By PQ Contributing Editor Brian Fanelli
Popular music that comes out of African-American culture provides not only content, but rhythms and cultural values that animate the work of the poets Patricia Smith, Major Jackson, and Kevin Coval, poets who give voice to experiences outside of the middle-class mainstream. These poets share strategies for incorporating music into their work, each with individual style and technique, and to the benefit of poets and readers alike.
Patricia Smith uses the convention of the seemingly autobiographical “I” persona in her collection Close to Death, with the predominant voice of the poems being that of a young black woman similar to herself. One of the principal ways in which she moves beyond the personal is through references to popular music icons. In her poems that refer to Smokey Robison, Ray Charles, Little Richard, and Michael Jackson, Smith is able to explore various issues of racial identity on a cultural scale at the same time that she explores her own identity. Secondly, using popular African-American musicians allows Smith to define her audience in subtle ways. Smith is a black woman writing for her own community, but she doesn’t want anyone forcing a definition on her as to how far “her own community” should stretch. These are issues those three musicians have faced, and their familiarity to such a wide a range of Americans benefits Smith and simultaneously allows her to define her territory as wide but specifically African-American.
Motown star Smokey Robinson is the first to appear in the collection. He represents the promise of access—even for poor young black girls—to an idealized version of love, relationships, and a middle-class American dream, a promise the persona will ultimately realize is an illusion.
In the poem “Smokey Lied I,” the name Smokey is repeated several times, which suggests the crush/obsession the 13-year-old girl has. The speaker pretends the older boy she dances with at a party, Bernard Williams, is Smokey Robinson and reflects Smokey’s idealized dream songs. But none of the qualities are authentic. The ideal is a man who tells her “love can be found in storybooks,” and he is “sweet and crying the tears of a clown, begging like he shoulda been.” By the end of the poem, reality seeps in for the young woman, though, and Smith uses blunt, sexually-charged language to highlight how threatening and sexually aggressive men can be. The speaker admits that Bernard Williams was “taking advantage of the situation, brushing/me back and forth across the bulge in his pants, playing my little ass/like a piano.”
In “Smokey Lied II,” the young woman has matured: she has been hurt by past boyfriends. Worse yet, her father has been murdered. Smokey becomes an image of hurt and disillusionment. “Your perfect/love and sugar pleading could not bind these gaping wounds, could/not convince me to wait,” she tells Smokey. By “Smokey Lied III,” the persona reduces him to nothing more than a star who dances badly and whose voice “lacked the cream” she remembers. His lyrics no longer have any effect on the woman, as she fully understands he is not an ideal or an idea, but rather a man whose star has faded, replaced with a set of health problems.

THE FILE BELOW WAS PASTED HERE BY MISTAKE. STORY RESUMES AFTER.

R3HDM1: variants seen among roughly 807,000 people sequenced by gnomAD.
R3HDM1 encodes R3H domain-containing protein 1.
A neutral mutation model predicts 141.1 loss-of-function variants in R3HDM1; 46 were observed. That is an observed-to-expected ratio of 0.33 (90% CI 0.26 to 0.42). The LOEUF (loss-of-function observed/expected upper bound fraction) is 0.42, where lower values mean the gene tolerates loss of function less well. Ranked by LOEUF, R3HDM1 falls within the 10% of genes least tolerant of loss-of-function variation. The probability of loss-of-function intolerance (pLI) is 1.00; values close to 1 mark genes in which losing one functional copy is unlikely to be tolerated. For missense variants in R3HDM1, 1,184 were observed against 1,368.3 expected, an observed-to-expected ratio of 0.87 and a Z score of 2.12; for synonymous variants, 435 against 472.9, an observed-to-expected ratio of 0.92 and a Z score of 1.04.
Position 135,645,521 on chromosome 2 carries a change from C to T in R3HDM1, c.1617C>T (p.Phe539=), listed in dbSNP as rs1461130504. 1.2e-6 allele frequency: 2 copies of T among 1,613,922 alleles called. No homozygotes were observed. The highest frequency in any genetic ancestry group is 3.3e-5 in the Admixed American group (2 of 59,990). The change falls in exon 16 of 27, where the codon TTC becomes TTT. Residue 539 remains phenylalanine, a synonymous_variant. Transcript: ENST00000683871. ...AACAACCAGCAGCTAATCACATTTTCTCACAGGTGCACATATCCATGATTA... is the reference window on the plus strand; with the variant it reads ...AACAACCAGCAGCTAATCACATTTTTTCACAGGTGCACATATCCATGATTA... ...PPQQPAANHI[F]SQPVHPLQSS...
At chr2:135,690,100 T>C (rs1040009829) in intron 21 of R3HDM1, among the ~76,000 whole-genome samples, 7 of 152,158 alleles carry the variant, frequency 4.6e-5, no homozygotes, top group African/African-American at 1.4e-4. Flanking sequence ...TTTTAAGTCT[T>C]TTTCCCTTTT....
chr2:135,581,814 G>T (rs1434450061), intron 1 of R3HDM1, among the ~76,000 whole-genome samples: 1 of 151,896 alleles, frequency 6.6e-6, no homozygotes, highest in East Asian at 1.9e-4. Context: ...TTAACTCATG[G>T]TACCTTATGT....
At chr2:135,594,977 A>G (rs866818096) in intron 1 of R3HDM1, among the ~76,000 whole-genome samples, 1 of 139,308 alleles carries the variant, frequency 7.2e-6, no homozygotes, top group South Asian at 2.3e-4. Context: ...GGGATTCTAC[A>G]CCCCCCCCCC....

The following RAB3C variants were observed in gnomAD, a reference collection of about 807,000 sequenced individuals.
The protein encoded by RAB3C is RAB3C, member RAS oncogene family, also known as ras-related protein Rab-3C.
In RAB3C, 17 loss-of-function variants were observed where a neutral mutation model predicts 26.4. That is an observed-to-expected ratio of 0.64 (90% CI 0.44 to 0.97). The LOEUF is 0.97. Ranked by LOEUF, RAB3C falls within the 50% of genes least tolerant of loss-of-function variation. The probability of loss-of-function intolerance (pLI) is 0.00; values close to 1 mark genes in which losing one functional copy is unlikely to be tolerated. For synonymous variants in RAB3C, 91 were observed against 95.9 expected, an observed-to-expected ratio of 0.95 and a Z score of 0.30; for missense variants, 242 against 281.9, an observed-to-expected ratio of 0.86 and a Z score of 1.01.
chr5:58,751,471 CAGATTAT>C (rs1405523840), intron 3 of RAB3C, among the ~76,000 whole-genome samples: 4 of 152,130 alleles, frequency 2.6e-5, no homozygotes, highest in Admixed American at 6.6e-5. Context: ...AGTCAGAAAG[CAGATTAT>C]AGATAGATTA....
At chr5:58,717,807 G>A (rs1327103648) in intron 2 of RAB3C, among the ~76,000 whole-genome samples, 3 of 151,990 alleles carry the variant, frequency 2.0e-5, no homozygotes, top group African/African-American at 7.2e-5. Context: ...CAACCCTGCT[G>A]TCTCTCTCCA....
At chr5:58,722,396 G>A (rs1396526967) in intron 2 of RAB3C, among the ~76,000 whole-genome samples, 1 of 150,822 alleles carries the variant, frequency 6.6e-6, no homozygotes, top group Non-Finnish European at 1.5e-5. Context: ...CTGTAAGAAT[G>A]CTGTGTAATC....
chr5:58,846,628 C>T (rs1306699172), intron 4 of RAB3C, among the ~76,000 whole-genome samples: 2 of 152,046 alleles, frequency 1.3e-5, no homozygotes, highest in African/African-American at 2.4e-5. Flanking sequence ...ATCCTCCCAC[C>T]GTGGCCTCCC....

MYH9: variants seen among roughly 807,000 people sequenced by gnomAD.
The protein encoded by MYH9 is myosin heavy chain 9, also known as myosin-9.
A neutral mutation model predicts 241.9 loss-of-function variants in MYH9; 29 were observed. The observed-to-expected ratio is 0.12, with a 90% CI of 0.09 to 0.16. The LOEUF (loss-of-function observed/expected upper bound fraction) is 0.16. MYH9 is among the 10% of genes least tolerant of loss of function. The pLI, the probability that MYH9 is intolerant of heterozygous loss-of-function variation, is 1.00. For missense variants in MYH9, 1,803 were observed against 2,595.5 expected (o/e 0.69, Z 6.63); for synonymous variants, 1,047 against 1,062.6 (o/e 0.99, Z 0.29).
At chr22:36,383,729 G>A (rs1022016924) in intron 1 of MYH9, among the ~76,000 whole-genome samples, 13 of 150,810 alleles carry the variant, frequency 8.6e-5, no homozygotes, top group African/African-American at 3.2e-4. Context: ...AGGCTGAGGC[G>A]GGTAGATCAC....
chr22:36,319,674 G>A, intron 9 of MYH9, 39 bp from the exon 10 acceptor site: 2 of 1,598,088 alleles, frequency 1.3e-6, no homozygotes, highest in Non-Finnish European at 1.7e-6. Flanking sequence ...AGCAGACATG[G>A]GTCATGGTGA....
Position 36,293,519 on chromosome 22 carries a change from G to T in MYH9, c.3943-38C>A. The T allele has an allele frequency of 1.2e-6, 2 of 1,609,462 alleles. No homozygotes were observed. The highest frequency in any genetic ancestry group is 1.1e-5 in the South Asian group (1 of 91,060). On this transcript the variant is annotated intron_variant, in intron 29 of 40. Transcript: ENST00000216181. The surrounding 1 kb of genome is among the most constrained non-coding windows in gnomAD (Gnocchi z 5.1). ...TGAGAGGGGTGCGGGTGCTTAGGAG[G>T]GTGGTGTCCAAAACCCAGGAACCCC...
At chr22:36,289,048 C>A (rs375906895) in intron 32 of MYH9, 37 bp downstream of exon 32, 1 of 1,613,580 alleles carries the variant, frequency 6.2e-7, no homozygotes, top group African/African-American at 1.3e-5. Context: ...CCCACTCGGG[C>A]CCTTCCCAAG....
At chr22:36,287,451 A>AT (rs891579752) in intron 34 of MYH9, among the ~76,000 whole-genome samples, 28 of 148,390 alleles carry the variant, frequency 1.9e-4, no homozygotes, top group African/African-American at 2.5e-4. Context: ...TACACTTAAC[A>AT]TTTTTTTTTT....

Scattered among the poems in her own voice, Smith adopts other personas, including the voices of Ray Charles and Little Richard. In “Brother Ray,” Smith adopts the identity and persona of Ray Charles and uses several techniques to make the voice as authentic as possible. She treats him as more raw-edged and more human than Smokey Robinson, and this is reflected in the forms of the poems. In “Smokey Lied I,” for instance, the poem looks like standard newspaper columns on the page, which presents promises and ideals as a truth that the young female persona initially believes. “Brother Ray” has more raw line breaks and enjambment, such as:
Think my best music
is gon’ follow me to the grave.
Smith further humanizes Charles by having him admit he “ain’t no angel/I sing ugly.” He acknowledges that he’s been labeled a “womanizer/abuser/creative headache.” Unlike Robinson, Charles doesn’t offer any idealized promises about love and perfect marriage. The fact he’s flawed and Smith chose to write in his voice makes him more of an everyman with a set of problems.
Even the diction is more ordinary and authentic than the dream-like descriptions of Robinson in “Smokey Lied I.” The Charles persona frequently uses words like ain’t and gon, but despite all of his flaws and even his age, Charles presents his music and legacy as a validation of black culture and a complicated construction of audience. He says, “There’s a line of white folks follow me/everywhere I go. I got ‘em witchcrafted.” Those lines prove the connection he had to a wider audience, and they shift the power balance to give a black man power over white listeners. They also represent an insider conversation, what Charles tells black listeners, not a white audience.